Tuesday, October 06, 2009

Music Library: Ian Matthews, Ida, Iggy, Ikue Mori, Impossible Shapes, Incredible Moses Leroy, Incredible String Band, Individuals, Instruments

Ian Matthews - "Ol' 55." The great Brit-folkie, ex-Fairport singer doing the Tom Waits classic that was popularized by the (ugh) Eagles.

Ida - Lover's Prayers (2008). Speaking of Fairport, Ida is a folky, Fairport-ish indie-rock band led by spouses Elizabeth Mitchell and Daniel Littleton. This album was apparently recorded in Levon Helm's barn/studio with Michael Hurley, a sometimes member of the Holy Modal Rounders and folk force of nature of his own, playing on some tracks. Beautiful album. Highlights include a cover of Richard and Linda Thompson's "For Shame Of Doing Wrong" and an original called "The Killers 1964," which is about the Don Siegal film version of the Hemingway short story.

Iggy Pop - The Idiot (1977), Lust For Life (1977), and New Values (1979). I'm assuming there's nothing to sell any readers on with The Ig. What would I say? I mean, do you like music? You should own a copy of the first two of these. Do you like The Stooges' Raw Power album? You should own a copy of New Values. I've never had much use for Iggy's later solo albums.

Ikue Mori, Robert Quine, and Marc Ribot - Painted Desert (1995). Although released under Ikue Mori's name for contractual reasons, this album is all about the guitar interplay between Quine and Ribot. If those names mean anything to you, then you know that these guys play really, really, really well together. They're going for an open, Western theme on each track (built on their collaboration on John Zorn's album of Ennio Morricone music), and the overall effect is quite lovely and oh-so tasteful.

The Impossible Shapes - 9 (2008). This was a compilation offered by eMusic for free back in 2008. Allmusic compares the Impossible Shapes to Guided By Voices and The Olivia Tremor Control, and eMusic adds comparisons to Pavement and The Incredible String Band. Yes, these are all accurate. They are folky, poppy, psychedelic, and pure indie rock. I like 'em.

The Incredible Moses Leroy - "Electric Pocket Radio." An eclectic little pop song! No idea where I picked it up, but it's definitely interesting.

The Incredible String Band - The Incredible String Band (1966) and The Hangman's Beautiful Daughter (1968). I have maybe four more ISB albums from this period on vinyl that I've never ripped. Some people who read this blog may think of Walter Alves sometimes, and I hope y'all think of him as fondly as I do. Walter, who I haven't seen in many, many years, was (and, I'm sure, is) a truly great guy, a relentlessly positive person who made major events happen without ever appearing to break a sweat. I'm sure everyone has known a person with that sort of energy about them, and they're all special in a particular way. Anyway, this is all to say that when Walter learned that I was a Richard Thompson fan, he kept mentioning The Hangman's Beautiful Daughter to me every time we were drinking and in proximity. I appreciated it, but at the time the album was out-of-print, or in limited print at best, and I didn't have the means to track it down. Anyway (I just realized that this story is going nowhere, but I'm glad I mentioned Walter, anyway), I finally found it used on vinyl and snapped it up. And I loved it. It's heady and folky in a good way. I started finding more and more ISB on used vinyl. But I haven't listened to it much lately (as should be clear, I suppose, by the fact that I have only digitized two of these albums).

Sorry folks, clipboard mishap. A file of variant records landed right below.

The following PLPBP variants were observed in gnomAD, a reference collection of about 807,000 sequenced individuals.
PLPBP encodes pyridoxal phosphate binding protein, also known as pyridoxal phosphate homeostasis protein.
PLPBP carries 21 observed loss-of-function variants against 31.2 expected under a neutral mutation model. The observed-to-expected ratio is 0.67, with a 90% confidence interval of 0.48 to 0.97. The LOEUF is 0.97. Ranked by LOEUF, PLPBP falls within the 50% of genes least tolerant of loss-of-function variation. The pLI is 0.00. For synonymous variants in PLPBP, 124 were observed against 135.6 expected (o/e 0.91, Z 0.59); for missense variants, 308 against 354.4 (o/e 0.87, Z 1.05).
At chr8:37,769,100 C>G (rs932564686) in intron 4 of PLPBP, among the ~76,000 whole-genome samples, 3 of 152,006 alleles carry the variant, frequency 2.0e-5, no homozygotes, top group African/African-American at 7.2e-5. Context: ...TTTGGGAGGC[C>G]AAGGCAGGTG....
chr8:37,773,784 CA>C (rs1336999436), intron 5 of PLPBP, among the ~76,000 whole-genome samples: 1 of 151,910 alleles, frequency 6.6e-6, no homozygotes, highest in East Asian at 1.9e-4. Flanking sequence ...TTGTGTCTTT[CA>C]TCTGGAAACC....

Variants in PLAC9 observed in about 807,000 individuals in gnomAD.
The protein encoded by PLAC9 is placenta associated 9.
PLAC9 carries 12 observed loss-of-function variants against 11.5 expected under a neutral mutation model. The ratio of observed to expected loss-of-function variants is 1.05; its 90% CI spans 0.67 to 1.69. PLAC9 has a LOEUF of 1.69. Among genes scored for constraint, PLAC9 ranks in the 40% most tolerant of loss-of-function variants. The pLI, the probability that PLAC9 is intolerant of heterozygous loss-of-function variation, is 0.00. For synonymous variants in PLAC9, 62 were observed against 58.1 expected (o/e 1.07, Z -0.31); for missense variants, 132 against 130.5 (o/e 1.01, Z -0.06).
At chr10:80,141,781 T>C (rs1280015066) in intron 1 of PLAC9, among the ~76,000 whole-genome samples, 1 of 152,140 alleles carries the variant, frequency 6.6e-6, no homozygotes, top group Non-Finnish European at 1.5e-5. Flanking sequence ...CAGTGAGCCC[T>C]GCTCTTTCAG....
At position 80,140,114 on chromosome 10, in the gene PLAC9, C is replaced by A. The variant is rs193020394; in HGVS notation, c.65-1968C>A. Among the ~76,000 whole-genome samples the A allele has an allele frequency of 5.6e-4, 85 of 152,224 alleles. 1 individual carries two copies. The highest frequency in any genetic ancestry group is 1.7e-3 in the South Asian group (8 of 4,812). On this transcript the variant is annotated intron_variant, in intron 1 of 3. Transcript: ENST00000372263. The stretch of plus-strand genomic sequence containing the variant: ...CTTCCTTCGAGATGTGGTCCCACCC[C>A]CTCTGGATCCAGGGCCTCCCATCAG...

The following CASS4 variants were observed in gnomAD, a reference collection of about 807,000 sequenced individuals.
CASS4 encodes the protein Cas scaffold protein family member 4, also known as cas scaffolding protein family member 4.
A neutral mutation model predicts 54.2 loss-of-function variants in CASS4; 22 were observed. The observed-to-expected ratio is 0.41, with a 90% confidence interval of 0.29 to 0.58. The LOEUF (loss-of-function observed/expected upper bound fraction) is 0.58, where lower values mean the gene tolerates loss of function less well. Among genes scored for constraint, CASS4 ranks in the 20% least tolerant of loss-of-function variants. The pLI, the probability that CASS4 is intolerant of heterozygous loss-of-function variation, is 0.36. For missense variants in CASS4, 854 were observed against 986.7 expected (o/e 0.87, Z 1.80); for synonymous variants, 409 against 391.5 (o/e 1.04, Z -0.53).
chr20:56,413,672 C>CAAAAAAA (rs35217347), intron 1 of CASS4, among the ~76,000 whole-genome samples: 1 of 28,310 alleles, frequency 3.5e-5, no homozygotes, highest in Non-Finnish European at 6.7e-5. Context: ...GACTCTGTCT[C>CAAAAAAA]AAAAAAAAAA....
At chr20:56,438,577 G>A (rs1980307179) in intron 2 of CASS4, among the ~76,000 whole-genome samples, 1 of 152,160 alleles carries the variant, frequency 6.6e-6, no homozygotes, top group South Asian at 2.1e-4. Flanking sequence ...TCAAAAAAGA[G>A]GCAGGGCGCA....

The Individuals - Fields/Aquamarine (1982/1981). These are the only two releases from this Hoboken-based post-punk band, which were packaged and re-released together last year. The music is great, reminiscent of The Feelies and the B-52s, which some excellent stand-out tracks like "Monkey" and "Dancing With My Eighty Wives." The Fields part of this was produced by Mitch Easter and has his usual bouncy production without his usual booming drums.

The Instruments - Dark Småland (2008). It seems that all of the members of the Elephant Six collective get a turn leading their own band, and this is the band led by cellist Heather McIntosh, member of Japancakes and the Circulatory System and contributor to albums by Elf Power, Of Montreal, The Sunshine Fix, The Gerbils, Superchunk, and Macha. After putting out this album, she also worked as (here's where it gets weird, folks!) bassist for Gnarls Barkley and is currently pumping bottom for (you ready for this?) Li'l Wayne's touring band. Anyway, this album is about as far from Li'l Wayne as music gets, a swooping melancholic psych-folky song cycle built around lovely instrumental passages with minimalist lyrics (and harmony vocals by Jeff Mangum!). I love this album. The shady minor-key sounds remind me of how I felt when my brother and I had just moved to a little duplex just outside of Chapel Hill, North Carolina many years ago, and it seemed that the forest barely carved room for the places where people lived out there. As late Summer eased into Fall, I would take my beloved dog Molly (dead now five years next month) for long walks through thick, pathless woods near Jordan Lake with heavy leaf cover on the ground and even in the dead of winter, fecund and green algae spotting the trees. Molly would race through the forest, happy as only a dog or a child could be, and we'd come home muddy and tired, thorns dotting my pants legs and matting her fur, the smell of decomposing leaves coloring the fresh air hanging on us both. When I close my eyes and listen to this album, that's exactly where and when I am, and I unabashedly and unashamedly and uncontrollably love this album for taking me there.


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